Out-Law / Your Daily Need-To-Know

Out-Law News 2 min. read

GDPR territorial guide has 'sting in tail' for US companies

Guidance published by an EU data protection watchdog on the territorial scope of the General Data Protection Regulation (GDPR) is likely to raise concern about the costs to US companies of entering the EU market, an expert has said.

Dublin-based data protection law expert Ann Henry of Pinsent Masons, the law firm behind Out-Law.com, who specialises in working with US technology companies, said the European Data Protection Board's (EDPB's) guidance (23-page / 262KB PDF) could affect the number of EU-based organisations willing to act as 'representatives' for US-based companies under the GDPR.

As well as applying to the processing of personal data by organisations established in the EU, the GDPR also applies to the processing of personal data of data subjects in the EU by organisations based outside of the Union where the processing relates to the offering of goods or services to those individuals or the monitoring of their behaviour as far as their behaviour takes place within the Union. The Regulation's extra-territorial effect is confirmed in Article 3(2).

In such cases, non-EU based companies are generally required to designate an EU-based representative. Those representatives must be able to address all issues related to the data processing by the non-EU business that is subject to the GDPR "for the purposes of ensuring compliance" with the Regulation. This includes liaising with data protection authorities or data subjects on the business' behalf.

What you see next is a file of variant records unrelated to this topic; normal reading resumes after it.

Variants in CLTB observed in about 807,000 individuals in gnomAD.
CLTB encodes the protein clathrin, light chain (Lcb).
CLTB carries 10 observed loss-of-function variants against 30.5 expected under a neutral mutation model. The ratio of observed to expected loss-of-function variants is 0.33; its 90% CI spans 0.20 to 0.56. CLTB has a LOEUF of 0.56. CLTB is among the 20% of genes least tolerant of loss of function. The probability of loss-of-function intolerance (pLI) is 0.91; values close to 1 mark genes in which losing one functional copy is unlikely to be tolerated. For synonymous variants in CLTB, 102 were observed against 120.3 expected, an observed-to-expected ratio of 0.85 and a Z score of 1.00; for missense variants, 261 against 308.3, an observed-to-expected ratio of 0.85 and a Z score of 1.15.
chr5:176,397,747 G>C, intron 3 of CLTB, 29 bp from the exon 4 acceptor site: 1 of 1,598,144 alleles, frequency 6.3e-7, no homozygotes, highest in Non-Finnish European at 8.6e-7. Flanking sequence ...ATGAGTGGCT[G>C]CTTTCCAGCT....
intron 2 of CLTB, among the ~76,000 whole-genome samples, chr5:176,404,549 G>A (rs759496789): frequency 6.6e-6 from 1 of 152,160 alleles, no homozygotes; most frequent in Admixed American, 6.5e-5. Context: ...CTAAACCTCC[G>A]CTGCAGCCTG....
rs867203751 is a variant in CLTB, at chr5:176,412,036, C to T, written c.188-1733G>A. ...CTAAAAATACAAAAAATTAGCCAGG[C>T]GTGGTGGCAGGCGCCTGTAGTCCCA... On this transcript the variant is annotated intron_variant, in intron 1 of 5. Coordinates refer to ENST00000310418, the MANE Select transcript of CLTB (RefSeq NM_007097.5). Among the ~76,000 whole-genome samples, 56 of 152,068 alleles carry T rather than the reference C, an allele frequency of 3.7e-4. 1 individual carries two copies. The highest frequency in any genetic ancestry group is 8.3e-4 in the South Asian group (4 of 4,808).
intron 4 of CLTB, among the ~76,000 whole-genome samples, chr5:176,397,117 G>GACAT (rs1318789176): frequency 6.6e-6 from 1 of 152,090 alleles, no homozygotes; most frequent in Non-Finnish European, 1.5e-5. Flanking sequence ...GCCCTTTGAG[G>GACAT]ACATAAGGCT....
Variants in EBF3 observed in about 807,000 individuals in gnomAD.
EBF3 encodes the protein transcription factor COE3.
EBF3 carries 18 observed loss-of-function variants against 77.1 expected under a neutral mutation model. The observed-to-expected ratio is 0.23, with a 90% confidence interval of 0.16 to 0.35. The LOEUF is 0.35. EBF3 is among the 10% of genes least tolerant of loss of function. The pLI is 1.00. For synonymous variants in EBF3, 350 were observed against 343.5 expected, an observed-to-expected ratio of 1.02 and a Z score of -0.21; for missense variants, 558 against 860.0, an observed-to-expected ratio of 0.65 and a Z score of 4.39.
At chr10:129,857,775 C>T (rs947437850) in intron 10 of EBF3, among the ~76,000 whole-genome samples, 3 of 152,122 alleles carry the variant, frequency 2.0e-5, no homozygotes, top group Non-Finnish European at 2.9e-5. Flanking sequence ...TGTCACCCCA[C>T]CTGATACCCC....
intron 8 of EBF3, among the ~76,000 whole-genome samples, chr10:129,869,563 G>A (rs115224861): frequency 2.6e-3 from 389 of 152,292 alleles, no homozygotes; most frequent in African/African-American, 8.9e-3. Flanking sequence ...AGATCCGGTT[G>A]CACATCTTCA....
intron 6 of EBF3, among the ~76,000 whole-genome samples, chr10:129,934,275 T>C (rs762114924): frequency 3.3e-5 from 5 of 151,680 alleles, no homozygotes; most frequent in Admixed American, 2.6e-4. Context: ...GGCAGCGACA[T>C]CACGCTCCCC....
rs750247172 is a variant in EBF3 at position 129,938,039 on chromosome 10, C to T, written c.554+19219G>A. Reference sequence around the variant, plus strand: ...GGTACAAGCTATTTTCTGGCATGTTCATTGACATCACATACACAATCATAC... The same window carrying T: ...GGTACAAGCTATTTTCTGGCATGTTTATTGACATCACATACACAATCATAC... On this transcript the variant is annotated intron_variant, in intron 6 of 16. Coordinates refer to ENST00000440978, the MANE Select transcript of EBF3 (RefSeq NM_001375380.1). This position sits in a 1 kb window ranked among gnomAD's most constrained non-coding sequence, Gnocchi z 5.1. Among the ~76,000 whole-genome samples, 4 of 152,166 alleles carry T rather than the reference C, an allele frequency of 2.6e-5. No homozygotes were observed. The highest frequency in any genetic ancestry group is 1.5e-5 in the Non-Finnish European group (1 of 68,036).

Non-binding recitals of the GDPR provide further clarification on the role of representatives.

"The representative should be explicitly designated by a written mandate of the controller or of the processor to act on its behalf with regard to its obligations under this Regulation," the recitals state. "The designation of such a representative does not affect the responsibility or liability of the controller or of the processor under this Regulation. Such a representative should perform its tasks according to the mandate received from the controller or processor, including cooperating with the competent supervisory authorities with regard to any action taken to ensure compliance with this Regulation. The designated representative should be subject to enforcement proceedings in the event of non-compliance by the controller or processor."

The EDPB further clarified further the potential liability of representatives in its guidance.

The EDPB said: "The concept of the representative was introduced precisely with the aim of ensuring enforcement of the GDPR against controllers or processors that fall under Article 3(2) of the GDPR. To this end, it was the intention to enable enforcers to initiate enforcement action against a representative in the same way as against controllers or processors. This includes the possibility to impose administrative fines and penalties, and to hold representatives liable."

Ann Henry of Pinsent Masons said, though, that this approach will raise very serious concerns in the US about the capital costs of GDPR compliance.

"The sting in this document is in the last line for US corporates," Henry said. "It is the law-abiding companies that will appoint a representative. Arguably making a representative liable will make it more difficult to find people or bodies willing to take on the role of representative given the extent of potential liability both by means of regulatory enforcement and through private rights of action under the GDPR regime." 

"Surely the bigger question is how companies in third counties which fail to appoint a representative will be held liable under GDPR. In terms of creating a culture of compliance around GDPR for companies subject to Article 3(2) you have to query whether imposing liability on representatives is the right approach," she said.

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